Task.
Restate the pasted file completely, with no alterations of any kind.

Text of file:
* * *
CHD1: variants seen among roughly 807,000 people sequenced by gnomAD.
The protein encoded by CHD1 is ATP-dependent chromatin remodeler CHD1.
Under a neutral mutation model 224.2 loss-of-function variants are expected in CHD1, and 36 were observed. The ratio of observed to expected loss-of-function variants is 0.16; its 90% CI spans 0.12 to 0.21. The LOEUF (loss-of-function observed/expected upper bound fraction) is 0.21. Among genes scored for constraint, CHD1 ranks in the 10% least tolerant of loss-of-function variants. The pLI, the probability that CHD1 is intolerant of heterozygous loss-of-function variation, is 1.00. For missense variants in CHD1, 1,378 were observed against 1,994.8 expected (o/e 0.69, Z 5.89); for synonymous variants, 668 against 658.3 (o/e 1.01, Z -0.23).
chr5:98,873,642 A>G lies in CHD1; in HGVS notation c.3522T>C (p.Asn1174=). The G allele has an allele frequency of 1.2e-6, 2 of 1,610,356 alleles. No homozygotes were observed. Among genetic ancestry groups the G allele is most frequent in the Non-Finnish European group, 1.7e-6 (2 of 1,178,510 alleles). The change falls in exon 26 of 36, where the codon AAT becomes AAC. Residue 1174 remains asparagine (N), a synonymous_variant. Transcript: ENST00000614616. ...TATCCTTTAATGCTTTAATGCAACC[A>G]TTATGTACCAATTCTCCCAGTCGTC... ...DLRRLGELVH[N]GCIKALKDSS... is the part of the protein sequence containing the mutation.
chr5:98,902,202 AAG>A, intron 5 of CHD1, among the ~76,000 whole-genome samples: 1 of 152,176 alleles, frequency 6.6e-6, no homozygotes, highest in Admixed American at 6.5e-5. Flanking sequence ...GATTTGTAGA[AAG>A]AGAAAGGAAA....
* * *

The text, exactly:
CHD1: variants seen among roughly 807,000 people sequenced by gnomAD.
The protein encoded by CHD1 is ATP-dependent chromatin remodeler CHD1.
Under a neutral mutation model 224.2 loss-of-function variants are expected in CHD1, and 36 were observed. The ratio of observed to expected loss-of-function variants is 0.16; its 90% CI spans 0.12 to 0.21. The LOEUF (loss-of-function observed/expected upper bound fraction) is 0.21. Among genes scored for constraint, CHD1 ranks in the 10% least tolerant of loss-of-function variants. The pLI, the probability that CHD1 is intolerant of heterozygous loss-of-function variation, is 1.00. For missense variants in CHD1, 1,378 were observed against 1,994.8 expected (o/e 0.69, Z 5.89); for synonymous variants, 668 against 658.3 (o/e 1.01, Z -0.23).
chr5:98,873,642 A>G lies in CHD1; in HGVS notation c.3522T>C (p.Asn1174=). The G allele has an allele frequency of 1.2e-6, 2 of 1,610,356 alleles. No homozygotes were observed. Among genetic ancestry groups the G allele is most frequent in the Non-Finnish European group, 1.7e-6 (2 of 1,178,510 alleles). The change falls in exon 26 of 36, where the codon AAT becomes AAC. Residue 1174 remains asparagine (N), a synonymous_variant. Transcript: ENST00000614616. ...TATCCTTTAATGCTTTAATGCAACC[A>G]TTATGTACCAATTCTCCCAGTCGTC... ...DLRRLGELVH[N]GCIKALKDSS... is the part of the protein sequence containing the mutation.
chr5:98,902,202 AAG>A, intron 5 of CHD1, among the ~76,000 whole-genome samples: 1 of 152,176 alleles, frequency 6.6e-6, no homozygotes, highest in Admixed American at 6.5e-5. Flanking sequence ...GATTTGTAGA[AAG>A]AGAAAGGAAA....